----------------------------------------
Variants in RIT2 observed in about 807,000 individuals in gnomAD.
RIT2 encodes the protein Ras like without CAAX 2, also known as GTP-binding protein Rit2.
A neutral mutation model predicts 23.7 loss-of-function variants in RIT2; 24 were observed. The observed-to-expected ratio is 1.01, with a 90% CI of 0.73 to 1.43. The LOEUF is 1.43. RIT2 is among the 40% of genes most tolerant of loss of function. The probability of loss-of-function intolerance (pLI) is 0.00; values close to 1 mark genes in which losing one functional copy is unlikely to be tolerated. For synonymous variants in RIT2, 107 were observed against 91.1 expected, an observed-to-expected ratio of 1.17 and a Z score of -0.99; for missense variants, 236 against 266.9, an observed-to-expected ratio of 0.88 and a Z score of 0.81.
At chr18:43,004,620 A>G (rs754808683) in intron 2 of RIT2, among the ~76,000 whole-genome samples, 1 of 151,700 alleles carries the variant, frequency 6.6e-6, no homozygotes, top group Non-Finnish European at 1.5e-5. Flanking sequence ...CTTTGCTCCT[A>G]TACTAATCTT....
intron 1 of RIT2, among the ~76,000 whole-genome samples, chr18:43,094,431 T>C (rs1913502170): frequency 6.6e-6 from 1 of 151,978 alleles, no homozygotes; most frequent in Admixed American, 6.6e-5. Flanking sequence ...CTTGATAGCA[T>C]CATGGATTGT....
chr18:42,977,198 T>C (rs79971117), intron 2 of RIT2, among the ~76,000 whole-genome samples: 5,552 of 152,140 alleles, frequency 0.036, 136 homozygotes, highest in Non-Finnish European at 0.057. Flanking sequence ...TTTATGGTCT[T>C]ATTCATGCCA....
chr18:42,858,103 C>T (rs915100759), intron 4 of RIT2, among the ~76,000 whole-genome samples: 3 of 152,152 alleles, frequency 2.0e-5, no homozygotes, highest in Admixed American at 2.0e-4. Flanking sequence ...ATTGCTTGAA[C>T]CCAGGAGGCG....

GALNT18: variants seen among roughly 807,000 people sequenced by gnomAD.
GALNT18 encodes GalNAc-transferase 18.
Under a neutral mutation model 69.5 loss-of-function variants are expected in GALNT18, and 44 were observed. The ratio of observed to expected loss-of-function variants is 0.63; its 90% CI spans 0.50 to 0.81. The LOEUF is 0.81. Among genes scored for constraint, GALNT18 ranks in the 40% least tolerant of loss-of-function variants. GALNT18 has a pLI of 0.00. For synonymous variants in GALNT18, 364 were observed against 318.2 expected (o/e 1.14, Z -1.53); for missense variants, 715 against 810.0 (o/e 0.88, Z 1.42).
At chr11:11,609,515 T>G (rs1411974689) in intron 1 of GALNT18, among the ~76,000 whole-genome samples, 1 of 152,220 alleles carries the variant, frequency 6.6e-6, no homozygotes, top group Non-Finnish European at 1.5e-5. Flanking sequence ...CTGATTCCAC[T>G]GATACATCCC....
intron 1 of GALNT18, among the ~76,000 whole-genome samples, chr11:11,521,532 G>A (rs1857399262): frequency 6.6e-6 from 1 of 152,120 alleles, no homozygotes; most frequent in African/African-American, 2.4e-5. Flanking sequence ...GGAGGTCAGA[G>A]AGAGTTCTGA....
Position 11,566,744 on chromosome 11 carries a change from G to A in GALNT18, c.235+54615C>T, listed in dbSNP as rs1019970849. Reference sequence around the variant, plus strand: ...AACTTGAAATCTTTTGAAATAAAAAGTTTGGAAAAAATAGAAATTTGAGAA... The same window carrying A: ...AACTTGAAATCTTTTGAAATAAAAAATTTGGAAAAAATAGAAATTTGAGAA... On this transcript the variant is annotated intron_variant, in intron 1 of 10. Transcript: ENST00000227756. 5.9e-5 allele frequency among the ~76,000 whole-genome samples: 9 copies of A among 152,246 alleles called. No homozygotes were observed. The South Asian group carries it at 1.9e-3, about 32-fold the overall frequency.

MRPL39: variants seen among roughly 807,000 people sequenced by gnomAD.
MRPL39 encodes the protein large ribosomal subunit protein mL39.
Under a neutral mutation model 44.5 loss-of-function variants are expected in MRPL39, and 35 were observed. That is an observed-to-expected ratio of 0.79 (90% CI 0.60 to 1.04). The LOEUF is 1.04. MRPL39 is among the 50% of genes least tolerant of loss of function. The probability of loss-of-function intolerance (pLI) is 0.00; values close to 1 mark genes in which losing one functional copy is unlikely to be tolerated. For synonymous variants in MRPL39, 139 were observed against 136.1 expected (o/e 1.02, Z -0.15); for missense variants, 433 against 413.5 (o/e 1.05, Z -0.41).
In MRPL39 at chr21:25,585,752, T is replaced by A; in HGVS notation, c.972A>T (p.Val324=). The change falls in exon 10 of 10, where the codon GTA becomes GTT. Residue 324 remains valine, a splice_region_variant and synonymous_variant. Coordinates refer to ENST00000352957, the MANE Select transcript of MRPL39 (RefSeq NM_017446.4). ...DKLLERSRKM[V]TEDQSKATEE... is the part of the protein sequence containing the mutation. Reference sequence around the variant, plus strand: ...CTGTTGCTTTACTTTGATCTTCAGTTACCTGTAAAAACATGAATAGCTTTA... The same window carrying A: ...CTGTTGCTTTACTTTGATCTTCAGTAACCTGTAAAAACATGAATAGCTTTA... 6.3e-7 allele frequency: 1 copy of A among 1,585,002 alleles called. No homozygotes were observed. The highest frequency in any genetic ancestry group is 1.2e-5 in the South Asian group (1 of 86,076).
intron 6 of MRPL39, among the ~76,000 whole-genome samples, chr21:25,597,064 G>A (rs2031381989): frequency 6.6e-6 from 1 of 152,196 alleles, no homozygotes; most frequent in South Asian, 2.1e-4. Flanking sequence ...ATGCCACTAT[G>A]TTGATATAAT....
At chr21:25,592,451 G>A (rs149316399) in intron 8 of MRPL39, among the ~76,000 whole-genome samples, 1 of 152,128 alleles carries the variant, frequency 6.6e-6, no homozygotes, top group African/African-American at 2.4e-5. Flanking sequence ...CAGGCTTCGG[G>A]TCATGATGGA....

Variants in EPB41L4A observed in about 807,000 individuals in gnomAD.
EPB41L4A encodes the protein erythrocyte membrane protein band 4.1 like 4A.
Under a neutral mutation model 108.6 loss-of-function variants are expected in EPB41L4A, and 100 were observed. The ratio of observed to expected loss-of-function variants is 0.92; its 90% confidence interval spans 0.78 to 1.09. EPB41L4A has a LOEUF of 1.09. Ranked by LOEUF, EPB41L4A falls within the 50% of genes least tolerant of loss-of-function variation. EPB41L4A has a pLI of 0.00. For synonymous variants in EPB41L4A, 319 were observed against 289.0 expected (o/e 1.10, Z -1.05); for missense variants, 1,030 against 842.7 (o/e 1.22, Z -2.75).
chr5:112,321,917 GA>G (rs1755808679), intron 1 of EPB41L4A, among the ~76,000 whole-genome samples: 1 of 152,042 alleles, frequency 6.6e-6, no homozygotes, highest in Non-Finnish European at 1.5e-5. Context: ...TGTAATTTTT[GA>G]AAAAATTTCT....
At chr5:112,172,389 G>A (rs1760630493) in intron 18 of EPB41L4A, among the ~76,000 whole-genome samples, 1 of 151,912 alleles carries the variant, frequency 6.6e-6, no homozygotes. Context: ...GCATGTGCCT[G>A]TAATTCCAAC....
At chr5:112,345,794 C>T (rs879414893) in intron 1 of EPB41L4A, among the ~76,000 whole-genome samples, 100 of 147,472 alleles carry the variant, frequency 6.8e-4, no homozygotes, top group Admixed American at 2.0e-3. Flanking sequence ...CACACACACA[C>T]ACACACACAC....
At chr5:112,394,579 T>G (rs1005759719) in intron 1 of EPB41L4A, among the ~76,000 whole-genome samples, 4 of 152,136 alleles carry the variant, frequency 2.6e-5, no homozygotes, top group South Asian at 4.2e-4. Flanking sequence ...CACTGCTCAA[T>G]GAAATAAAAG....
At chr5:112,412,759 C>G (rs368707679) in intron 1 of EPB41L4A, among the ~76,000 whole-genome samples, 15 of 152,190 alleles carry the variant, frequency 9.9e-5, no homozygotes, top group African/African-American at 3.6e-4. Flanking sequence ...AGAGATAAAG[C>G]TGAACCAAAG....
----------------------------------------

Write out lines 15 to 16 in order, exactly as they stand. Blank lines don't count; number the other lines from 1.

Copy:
MRPL39 encodes the protein large ribosomal subunit protein mL39.
Under a neutral mutation model 44.5 loss-of-function variants are expected in MRPL39, and 35 were observed. That is an observed-to-expected ratio of 0.79 (90% CI 0.60 to 1.04). The LOEUF is 1.04. MRPL39 is among the 50% of genes least tolerant of loss of function. The probability of loss-of-function intolerance (pLI) is 0.00; values close to 1 mark genes in which losing one functional copy is unlikely to be tolerated. For synonymous variants in MRPL39, 139 were observed against 136.1 expected (o/e 1.02, Z -0.15); for missense variants, 433 against 413.5 (o/e 1.05, Z -0.41).